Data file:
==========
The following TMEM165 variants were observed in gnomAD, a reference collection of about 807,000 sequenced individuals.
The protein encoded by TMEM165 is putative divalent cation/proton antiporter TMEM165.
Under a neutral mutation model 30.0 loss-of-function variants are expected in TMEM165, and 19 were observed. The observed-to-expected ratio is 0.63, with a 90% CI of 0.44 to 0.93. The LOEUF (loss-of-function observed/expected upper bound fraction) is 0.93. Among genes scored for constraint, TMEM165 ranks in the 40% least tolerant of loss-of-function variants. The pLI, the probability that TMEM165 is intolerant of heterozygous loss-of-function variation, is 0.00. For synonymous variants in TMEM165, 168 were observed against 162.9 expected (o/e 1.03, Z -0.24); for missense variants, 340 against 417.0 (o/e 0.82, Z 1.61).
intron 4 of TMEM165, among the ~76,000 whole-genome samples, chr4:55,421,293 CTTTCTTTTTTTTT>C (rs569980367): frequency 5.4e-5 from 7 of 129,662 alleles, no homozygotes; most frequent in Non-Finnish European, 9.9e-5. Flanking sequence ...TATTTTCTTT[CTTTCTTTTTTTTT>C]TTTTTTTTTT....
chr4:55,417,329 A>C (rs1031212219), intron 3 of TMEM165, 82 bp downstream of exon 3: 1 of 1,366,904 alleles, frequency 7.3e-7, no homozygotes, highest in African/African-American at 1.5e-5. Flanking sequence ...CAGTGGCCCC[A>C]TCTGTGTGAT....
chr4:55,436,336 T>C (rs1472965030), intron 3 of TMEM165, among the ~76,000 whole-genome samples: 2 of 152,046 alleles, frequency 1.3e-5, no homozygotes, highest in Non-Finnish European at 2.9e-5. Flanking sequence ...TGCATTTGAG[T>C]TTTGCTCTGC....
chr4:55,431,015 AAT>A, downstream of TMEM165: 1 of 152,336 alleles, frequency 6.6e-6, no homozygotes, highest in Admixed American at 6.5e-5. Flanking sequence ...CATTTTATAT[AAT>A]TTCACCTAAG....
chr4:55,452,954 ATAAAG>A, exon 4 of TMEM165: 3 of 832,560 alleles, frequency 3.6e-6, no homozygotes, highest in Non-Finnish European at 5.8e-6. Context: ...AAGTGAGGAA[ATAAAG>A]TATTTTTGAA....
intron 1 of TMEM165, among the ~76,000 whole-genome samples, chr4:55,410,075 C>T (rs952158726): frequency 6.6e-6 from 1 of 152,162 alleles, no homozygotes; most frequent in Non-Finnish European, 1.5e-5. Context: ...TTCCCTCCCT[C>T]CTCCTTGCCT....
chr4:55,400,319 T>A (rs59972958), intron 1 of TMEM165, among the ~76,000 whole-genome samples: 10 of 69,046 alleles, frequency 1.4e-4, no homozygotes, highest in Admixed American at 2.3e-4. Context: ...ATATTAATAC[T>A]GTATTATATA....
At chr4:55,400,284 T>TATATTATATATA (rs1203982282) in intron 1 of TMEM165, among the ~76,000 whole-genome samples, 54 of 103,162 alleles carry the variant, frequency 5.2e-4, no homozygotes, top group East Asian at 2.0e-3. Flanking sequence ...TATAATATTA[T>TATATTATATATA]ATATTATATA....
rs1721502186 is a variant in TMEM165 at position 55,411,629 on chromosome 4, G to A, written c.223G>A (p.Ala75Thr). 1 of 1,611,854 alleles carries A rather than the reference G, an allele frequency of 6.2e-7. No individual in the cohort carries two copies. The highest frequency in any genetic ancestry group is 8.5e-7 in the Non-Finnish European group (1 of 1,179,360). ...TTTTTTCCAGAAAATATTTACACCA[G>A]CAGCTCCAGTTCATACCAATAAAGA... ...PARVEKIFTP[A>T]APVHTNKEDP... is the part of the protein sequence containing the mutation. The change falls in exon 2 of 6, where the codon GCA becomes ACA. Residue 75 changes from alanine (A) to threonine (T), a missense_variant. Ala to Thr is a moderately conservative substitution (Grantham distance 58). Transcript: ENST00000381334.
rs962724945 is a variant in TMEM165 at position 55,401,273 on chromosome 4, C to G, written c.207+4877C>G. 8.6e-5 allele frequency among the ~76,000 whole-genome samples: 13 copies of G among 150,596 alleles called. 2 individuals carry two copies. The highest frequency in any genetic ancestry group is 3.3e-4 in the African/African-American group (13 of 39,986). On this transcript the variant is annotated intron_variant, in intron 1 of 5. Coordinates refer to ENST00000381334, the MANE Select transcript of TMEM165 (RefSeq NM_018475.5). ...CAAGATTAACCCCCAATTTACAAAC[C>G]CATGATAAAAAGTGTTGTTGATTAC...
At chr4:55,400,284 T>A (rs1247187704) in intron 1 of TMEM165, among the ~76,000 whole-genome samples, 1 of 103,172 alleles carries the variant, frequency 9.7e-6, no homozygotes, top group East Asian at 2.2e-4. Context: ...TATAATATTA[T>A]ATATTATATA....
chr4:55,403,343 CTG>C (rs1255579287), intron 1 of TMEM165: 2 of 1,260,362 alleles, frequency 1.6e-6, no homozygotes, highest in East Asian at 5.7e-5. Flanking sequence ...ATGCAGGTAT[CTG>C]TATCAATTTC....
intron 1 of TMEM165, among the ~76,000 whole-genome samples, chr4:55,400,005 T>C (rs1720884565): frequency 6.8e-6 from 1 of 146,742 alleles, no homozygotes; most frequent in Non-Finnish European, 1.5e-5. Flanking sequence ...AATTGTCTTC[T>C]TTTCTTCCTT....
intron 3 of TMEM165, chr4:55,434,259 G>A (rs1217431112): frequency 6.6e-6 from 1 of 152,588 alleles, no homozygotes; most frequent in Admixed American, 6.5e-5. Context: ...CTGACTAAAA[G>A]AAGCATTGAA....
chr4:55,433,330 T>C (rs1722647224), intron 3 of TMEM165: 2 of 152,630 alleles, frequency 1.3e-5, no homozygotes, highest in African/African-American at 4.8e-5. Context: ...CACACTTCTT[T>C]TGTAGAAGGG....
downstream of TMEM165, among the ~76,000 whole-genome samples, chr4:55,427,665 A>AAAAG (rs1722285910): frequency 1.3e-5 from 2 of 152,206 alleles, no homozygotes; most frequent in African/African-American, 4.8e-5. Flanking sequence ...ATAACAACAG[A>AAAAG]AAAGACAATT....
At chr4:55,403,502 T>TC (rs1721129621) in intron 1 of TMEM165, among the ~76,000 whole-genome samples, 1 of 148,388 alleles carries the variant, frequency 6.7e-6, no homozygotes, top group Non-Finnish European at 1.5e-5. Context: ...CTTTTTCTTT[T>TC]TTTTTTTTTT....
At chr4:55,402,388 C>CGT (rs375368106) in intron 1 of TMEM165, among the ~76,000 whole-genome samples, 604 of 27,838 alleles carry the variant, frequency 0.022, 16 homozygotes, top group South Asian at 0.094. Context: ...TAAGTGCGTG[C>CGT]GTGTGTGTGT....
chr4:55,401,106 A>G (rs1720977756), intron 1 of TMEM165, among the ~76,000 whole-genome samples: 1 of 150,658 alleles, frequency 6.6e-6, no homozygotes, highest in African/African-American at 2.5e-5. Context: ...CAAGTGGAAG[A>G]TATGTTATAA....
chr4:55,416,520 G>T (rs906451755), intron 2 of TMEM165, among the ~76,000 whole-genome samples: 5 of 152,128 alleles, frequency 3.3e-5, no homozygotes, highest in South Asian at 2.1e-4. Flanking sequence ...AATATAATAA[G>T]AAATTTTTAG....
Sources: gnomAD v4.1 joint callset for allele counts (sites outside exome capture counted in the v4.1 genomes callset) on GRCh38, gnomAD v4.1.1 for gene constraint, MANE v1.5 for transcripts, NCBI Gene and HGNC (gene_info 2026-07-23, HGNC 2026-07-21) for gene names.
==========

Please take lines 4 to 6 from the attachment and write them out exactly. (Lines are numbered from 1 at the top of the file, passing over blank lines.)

intron 4 of TMEM165, among the ~76,000 whole-genome samples, chr4:55,421,293 CTTTCTTTTTTTTT>C (rs569980367): frequency 5.4e-5 from 7 of 129,662 alleles, no homozygotes; most frequent in Non-Finnish European, 9.9e-5. Flanking sequence ...TATTTTCTTT[CTTTCTTTTTTTTT>C]TTTTTTTTTT....
chr4:55,417,329 A>C (rs1031212219), intron 3 of TMEM165, 82 bp downstream of exon 3: 1 of 1,366,904 alleles, frequency 7.3e-7, no homozygotes, highest in African/African-American at 1.5e-5. Flanking sequence ...CAGTGGCCCC[A>C]TCTGTGTGAT....
chr4:55,436,336 T>C (rs1472965030), intron 3 of TMEM165, among the ~76,000 whole-genome samples: 2 of 152,046 alleles, frequency 1.3e-5, no homozygotes, highest in Non-Finnish European at 2.9e-5. Flanking sequence ...TGCATTTGAG[T>C]TTTGCTCTGC....